Debussy's second book of Preludes, composed in 1912-13 at the end of a decade of prodigious piano output, is in many respects Debussy's strangest
– and most forward-looking – work. As was his custom, the titles are full of humor, whimsy, and at times nonsense, and derive from a wide range
of sources: a postcard from Granada (#3), a caption from a children's book illustration (#4), a newspaper clipping about the coronation of
George V as Emperor of India (#7), a mythological water nymph (#8), a Charles Dickens character (#9 – listen for God Save the Queen hidden in the
opening), a funerary urn from ancient Egypt (#10 – Debussy reputedly kept one on his desk). Yet despite these evocative titles – or perhaps because
of them – in his autograph score, Debussy placed the inscriptions at the end of each Prelude, as if unwilling to influence his listener with a specific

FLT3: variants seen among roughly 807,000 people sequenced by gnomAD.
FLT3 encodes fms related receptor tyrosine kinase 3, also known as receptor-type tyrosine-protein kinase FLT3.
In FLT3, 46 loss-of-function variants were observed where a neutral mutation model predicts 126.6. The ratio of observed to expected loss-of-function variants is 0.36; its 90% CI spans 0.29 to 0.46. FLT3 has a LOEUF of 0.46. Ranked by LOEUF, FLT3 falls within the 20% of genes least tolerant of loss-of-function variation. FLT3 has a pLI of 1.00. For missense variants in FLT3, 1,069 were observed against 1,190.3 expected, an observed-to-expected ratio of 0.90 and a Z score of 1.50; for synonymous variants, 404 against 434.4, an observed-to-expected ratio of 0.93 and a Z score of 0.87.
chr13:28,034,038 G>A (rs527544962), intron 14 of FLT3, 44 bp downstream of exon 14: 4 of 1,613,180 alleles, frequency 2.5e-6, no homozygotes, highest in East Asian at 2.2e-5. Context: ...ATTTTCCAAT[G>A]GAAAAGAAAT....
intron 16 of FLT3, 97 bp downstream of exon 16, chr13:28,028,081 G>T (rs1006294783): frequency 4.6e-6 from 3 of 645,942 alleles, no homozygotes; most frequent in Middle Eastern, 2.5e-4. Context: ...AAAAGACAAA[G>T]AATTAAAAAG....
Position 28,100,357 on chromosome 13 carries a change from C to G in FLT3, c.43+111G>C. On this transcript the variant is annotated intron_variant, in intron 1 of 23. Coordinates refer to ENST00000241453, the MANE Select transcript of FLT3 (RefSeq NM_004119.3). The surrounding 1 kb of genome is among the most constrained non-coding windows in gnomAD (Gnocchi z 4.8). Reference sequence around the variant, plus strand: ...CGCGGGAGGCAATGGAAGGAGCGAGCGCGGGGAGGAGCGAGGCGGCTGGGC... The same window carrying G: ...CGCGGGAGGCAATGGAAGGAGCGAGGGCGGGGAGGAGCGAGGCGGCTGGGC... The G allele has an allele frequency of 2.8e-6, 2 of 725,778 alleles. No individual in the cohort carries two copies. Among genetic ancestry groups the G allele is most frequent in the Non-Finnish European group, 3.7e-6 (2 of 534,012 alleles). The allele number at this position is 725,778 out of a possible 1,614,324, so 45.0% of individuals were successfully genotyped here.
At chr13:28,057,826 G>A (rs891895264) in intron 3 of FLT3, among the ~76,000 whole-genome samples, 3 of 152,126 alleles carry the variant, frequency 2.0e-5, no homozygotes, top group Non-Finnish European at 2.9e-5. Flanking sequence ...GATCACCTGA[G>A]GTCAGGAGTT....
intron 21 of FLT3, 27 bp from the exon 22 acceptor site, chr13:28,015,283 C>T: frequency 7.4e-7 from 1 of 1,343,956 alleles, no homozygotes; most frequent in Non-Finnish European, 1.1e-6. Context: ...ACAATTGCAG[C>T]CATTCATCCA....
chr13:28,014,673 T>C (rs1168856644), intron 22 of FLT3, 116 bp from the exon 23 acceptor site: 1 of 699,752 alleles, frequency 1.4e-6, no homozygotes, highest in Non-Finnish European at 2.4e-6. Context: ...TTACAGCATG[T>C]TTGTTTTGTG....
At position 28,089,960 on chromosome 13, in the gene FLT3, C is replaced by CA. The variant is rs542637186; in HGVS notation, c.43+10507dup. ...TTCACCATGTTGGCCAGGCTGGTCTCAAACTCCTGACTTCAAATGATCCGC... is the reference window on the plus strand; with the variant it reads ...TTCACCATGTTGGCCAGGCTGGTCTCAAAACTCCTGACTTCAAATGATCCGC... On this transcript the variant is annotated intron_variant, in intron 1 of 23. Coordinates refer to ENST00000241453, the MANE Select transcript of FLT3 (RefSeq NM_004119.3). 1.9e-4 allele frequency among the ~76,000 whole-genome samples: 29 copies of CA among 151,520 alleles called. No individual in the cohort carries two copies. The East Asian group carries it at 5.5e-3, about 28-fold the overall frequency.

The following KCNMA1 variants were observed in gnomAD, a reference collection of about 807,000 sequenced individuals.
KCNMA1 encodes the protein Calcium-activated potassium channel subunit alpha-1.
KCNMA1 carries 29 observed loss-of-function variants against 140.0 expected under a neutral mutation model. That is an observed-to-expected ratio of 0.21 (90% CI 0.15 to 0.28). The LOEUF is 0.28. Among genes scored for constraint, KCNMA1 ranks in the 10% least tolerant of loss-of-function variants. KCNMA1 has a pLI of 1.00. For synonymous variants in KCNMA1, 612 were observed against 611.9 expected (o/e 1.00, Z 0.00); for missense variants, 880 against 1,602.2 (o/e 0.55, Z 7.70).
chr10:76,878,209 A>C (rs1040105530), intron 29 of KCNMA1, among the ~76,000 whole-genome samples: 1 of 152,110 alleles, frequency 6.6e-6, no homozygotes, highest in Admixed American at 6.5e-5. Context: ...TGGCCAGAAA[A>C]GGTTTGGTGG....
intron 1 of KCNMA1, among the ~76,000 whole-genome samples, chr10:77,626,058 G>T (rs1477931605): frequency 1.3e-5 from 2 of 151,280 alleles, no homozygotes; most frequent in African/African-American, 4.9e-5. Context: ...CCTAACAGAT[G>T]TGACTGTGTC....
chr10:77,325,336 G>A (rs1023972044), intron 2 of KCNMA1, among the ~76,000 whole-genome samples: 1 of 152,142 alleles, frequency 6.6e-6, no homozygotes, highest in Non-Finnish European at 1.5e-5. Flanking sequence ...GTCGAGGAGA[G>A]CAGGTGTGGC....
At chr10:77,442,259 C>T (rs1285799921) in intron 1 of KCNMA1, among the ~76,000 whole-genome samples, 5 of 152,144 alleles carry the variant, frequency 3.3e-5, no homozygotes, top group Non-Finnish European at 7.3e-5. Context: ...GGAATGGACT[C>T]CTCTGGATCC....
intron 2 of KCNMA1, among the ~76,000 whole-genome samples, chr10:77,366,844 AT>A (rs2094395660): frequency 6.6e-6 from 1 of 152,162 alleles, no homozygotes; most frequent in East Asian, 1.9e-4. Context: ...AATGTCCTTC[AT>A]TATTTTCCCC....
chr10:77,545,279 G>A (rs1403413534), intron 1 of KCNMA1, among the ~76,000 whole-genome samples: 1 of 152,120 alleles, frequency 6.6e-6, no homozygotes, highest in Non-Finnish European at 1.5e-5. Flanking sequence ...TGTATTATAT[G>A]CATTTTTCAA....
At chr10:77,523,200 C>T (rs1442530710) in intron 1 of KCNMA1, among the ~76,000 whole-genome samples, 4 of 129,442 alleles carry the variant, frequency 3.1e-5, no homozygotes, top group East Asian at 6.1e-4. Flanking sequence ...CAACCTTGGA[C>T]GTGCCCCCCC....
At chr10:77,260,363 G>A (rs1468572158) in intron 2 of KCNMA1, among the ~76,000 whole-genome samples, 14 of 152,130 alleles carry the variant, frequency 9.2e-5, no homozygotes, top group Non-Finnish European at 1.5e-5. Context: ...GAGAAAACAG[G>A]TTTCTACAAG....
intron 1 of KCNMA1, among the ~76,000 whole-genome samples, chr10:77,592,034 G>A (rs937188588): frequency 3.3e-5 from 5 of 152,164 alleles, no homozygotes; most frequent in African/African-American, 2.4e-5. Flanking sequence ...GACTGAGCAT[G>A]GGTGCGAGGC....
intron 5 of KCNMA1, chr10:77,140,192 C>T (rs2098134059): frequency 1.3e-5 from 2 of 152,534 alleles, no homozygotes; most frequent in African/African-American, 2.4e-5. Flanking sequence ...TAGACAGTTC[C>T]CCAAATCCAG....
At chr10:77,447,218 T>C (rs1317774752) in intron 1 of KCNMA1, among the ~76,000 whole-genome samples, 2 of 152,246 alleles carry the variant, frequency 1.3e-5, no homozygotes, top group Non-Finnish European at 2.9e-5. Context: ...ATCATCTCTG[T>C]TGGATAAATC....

image. For those who wish their listening experience influenced by Debussy’s inspiration, titles – with translations – are below.

Préludes, 2ème livre (1912-13) Claude Debussy (1862-1918)
          i. Brouillards [mists]
          ii. Feuilles mortes [dead leaves]
          iii. La Puerta del Vino [the wine gate]
          iv. “Les fées sont d’exquises danceuses” [[the fairies are exquisite dancers]
          v. Bruyères [moors]
          vi. Général Lavine, excentric [General Lavine, eccentric]
          vii. La Terasse des audiences du clair de lune [the terrace for moonlit audiences]
          viii. Ondine [Undine]
          ix. Hommage à S. Pickwick Esq., P.P.M.P.C. [homage to S. Pickwick Esq., PPMPC]
          x. Canope [canopic jar]
          xi. Les tierces alternées [alternating thirds]
          xii. Feux d’artifice [fireworks]